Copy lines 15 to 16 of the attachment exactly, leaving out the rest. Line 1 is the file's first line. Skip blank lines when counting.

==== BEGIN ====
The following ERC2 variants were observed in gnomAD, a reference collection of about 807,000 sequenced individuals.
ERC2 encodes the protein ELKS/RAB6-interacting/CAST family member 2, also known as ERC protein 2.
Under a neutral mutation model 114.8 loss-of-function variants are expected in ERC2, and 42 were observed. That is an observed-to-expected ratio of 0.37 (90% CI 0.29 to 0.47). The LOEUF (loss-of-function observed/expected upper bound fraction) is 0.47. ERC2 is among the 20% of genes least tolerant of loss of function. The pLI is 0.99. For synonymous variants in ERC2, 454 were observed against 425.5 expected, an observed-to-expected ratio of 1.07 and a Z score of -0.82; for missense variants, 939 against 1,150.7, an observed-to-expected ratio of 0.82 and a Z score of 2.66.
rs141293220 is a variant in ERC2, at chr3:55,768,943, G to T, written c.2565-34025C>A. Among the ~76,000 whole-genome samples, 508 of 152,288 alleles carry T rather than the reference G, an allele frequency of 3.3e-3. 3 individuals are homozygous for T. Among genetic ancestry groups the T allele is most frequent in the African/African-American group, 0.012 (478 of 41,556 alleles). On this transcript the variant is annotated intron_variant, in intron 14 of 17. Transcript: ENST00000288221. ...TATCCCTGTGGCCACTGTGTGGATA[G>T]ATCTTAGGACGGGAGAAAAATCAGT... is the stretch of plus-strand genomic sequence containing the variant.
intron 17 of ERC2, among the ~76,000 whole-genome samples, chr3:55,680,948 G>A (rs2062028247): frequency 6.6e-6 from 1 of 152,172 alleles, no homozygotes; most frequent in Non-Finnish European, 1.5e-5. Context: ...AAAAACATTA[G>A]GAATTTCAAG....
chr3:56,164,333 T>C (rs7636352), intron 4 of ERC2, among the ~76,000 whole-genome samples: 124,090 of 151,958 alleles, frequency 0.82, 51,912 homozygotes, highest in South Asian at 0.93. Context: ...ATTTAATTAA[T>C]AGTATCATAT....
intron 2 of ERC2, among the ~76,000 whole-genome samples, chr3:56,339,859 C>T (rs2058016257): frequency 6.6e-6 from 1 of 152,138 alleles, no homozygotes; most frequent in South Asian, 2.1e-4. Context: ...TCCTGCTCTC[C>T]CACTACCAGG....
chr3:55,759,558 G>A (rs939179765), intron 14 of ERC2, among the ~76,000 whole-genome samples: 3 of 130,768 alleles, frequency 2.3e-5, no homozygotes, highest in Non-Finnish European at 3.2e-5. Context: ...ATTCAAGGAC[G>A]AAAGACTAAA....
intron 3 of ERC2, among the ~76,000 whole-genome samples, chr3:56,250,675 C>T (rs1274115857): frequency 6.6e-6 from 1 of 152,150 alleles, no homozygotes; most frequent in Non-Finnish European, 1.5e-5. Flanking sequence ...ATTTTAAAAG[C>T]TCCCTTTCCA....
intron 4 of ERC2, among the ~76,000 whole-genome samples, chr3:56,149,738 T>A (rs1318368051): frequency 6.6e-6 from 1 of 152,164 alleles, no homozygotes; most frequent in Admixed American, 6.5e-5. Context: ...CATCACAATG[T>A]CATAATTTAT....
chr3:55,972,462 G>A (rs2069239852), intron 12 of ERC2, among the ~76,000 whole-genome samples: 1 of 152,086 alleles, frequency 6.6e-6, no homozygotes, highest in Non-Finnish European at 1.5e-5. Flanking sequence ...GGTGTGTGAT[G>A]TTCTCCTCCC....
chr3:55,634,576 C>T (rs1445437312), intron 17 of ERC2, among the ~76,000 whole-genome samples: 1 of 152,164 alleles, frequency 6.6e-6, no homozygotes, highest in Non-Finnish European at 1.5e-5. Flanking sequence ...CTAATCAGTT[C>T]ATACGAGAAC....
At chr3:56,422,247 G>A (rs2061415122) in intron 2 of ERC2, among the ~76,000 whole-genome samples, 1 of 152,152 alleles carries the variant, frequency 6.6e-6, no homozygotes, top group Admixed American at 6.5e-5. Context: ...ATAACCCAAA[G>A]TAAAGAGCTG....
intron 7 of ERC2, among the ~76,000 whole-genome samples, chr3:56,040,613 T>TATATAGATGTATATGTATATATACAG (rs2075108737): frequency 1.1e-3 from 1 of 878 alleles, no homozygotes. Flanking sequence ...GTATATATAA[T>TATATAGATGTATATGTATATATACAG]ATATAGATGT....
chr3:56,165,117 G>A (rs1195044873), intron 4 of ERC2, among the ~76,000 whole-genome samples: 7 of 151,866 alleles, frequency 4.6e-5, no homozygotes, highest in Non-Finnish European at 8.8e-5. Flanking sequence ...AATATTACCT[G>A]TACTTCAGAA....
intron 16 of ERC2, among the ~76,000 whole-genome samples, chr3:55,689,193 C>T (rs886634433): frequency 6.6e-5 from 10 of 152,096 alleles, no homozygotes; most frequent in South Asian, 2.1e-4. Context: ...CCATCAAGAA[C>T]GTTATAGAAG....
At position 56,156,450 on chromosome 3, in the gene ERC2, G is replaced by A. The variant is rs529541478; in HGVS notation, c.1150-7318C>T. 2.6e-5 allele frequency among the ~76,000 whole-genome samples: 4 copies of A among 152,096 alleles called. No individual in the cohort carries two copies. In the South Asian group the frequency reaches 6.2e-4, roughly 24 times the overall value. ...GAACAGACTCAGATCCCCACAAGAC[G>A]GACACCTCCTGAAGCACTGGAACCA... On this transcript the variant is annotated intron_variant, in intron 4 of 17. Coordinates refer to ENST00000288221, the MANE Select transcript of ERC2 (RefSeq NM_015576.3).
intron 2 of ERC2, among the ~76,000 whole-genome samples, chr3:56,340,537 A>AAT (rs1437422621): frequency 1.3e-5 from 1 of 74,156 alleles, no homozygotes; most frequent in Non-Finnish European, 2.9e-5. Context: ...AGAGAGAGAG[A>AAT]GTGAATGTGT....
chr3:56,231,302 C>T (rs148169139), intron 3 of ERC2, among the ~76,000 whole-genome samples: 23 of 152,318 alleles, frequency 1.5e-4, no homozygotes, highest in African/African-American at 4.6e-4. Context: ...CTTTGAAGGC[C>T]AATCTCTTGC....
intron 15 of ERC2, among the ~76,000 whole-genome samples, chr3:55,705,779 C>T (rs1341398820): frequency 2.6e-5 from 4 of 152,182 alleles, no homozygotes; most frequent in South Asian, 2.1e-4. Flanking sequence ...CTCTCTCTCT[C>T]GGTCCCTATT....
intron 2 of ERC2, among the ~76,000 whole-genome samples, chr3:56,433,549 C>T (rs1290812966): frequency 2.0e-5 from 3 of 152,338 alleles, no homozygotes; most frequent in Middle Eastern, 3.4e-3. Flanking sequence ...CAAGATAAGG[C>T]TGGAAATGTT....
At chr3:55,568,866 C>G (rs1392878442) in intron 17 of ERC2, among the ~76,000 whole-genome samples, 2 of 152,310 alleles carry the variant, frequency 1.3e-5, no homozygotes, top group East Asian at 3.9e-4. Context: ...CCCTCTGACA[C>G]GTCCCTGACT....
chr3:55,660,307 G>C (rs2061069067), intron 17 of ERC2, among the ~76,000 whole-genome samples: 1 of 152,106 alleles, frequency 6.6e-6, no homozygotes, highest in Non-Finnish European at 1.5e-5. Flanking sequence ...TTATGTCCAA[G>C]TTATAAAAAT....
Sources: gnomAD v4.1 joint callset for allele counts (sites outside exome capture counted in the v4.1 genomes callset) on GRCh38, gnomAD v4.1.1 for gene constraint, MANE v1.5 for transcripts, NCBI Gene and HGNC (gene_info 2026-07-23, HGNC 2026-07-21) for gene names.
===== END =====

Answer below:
chr3:56,165,117 G>A (rs1195044873), intron 4 of ERC2, among the ~76,000 whole-genome samples: 7 of 151,866 alleles, frequency 4.6e-5, no homozygotes, highest in Non-Finnish European at 8.8e-5. Flanking sequence ...AATATTACCT[G>A]TACTTCAGAA....
intron 16 of ERC2, among the ~76,000 whole-genome samples, chr3:55,689,193 C>T (rs886634433): frequency 6.6e-5 from 10 of 152,096 alleles, no homozygotes; most frequent in South Asian, 2.1e-4. Context: ...CCATCAAGAA[C>T]GTTATAGAAG....